190 Rev. O. P. Cambridge on some The ascertained relative duration of the three periods above defined in the artiodactyle mammals most nearly approaching the Hippopotamus amphibvus in size, supports the conclusion here endeavoured to be drawn from what could be ascertained of these periods in the captive male in the Gardens of the Zoological Society of London, viz. that the duration of its life under these circumstances must be that, or nearly that, of the individuals of the species in their native land and wild state, which may accordingly be set down at or about 30 years. It is but due to the responsible officers in charge of the exotic animals in that noble establishment, to bear grateful testimony to their successful treatment, and to their exact ob-servations and records of phenomena essential, to the advance-ment of the science of Natural History. British Museum, July 20, 1879. XXIV. — On some new and rare British Spiders, with Cha-racters of a new Genus. By the Rev. O. P. Cambridge, M.A., C.M.Z.S., &c. [Plate XII.] Since my last communication on British Spiders (Ann. & Mag. Nat. Hist. Feb. 1878, ser. 5, vol. i. p. 105, pi. xi.) I have been enabled, through my own researches and the kind assistance of several friends and relatives, to add thirty-nine species to the list of those then known to Great Britain and Ireland. Fifteen out of the thirty-nine appear still to be undescribed ; twelve others have not hitherto been recorded as British, though known on the continent of Europe ; and the twelve remaining species have lately been described, either as new to science or to Britain, in Part I. of " The Spiders of Dorset," published in the ' Transactions of the Dorset Natural-History and Antiquarian Field Club ' for 1879. The fifteen new species, above referred to, are described in the follow-ing pages ; and several of them are figured in the accompanying Plate. A list is also appended of those spiders not before recorded as British, and of the others mentioned above as described and recorded in " The Spiders of Dorset." Several of the species included in the total (484) of British spiders recorded up to the time of the publication of my last communication (February 1878) have since been ascertained to be synonymous with others previously known. The num-ber now considered to be British, so far as they are known up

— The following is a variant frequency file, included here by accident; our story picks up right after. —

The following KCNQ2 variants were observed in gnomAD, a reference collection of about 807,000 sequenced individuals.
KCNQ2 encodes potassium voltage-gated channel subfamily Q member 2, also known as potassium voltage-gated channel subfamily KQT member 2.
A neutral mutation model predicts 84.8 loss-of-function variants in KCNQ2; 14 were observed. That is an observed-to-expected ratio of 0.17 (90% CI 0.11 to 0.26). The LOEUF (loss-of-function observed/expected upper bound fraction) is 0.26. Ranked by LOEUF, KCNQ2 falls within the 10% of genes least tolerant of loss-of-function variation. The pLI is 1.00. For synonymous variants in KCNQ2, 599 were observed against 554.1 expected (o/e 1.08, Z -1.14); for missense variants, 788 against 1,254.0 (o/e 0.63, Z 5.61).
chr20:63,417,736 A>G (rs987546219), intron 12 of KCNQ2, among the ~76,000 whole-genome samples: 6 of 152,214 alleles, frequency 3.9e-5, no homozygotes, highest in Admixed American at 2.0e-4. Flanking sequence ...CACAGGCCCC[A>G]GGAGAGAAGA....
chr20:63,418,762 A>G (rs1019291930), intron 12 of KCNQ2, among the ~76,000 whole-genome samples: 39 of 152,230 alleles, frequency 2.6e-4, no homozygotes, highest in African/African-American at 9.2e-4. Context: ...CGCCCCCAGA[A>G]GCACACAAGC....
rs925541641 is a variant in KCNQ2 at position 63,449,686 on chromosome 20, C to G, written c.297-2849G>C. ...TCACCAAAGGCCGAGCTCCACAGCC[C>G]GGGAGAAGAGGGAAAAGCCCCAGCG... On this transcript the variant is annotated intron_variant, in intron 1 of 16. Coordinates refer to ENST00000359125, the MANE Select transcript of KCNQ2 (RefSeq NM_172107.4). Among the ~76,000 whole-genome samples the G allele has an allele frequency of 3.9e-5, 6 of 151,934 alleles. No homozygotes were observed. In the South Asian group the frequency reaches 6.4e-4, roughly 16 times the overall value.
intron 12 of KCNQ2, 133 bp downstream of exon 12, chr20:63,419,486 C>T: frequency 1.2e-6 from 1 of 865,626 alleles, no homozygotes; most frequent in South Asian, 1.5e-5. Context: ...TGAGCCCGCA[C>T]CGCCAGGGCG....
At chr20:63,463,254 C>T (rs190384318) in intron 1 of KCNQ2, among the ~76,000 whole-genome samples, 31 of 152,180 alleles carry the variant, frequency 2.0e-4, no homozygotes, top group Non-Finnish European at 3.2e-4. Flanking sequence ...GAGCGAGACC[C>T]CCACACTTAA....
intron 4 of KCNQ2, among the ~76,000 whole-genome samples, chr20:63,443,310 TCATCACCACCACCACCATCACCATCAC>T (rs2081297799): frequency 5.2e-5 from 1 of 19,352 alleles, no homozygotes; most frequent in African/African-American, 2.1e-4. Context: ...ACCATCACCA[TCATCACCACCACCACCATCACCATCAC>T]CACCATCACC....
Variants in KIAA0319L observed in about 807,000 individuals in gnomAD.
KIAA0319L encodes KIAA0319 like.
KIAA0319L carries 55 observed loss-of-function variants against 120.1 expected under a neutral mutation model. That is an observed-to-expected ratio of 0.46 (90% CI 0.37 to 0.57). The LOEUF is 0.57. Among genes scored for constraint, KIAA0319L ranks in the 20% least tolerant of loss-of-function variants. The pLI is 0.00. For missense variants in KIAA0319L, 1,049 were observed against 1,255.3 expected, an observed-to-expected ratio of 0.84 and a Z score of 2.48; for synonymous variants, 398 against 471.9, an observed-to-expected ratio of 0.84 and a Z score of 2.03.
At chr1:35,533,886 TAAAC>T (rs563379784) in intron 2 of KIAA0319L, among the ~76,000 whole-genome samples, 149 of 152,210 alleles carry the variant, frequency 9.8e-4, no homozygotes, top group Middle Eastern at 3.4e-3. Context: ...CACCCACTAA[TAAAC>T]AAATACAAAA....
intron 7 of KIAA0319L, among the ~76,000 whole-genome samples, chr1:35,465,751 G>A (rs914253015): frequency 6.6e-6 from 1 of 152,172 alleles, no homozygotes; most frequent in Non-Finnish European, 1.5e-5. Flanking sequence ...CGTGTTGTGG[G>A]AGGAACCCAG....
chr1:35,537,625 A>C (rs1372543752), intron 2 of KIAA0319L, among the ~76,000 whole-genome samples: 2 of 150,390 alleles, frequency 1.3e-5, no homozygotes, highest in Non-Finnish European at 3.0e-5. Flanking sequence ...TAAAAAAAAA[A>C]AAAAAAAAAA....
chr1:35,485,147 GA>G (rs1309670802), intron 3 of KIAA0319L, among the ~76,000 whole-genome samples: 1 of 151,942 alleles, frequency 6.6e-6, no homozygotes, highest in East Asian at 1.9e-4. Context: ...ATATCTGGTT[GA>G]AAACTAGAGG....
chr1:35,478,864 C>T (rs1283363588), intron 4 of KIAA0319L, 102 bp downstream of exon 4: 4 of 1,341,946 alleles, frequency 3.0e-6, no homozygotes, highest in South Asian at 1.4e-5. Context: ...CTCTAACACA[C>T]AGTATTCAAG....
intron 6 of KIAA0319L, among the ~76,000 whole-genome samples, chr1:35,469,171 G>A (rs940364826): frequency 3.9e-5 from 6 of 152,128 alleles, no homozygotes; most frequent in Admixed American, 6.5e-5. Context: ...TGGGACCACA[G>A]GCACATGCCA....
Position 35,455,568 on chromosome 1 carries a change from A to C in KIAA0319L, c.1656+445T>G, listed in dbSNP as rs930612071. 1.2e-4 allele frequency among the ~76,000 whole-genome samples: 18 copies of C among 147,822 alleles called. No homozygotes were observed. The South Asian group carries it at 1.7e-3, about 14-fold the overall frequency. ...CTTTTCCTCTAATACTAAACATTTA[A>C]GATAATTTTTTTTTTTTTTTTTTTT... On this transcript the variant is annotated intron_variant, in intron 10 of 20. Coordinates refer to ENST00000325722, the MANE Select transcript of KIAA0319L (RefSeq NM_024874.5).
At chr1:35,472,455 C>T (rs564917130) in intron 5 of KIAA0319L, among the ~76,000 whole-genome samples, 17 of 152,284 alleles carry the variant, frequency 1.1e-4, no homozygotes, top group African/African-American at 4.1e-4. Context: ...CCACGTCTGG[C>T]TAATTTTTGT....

On some new and rare British spiders, with characters of a new genus

O P- Cambridge
Annals and Magazine of Natural History (5) 4: 190-215 (1879)

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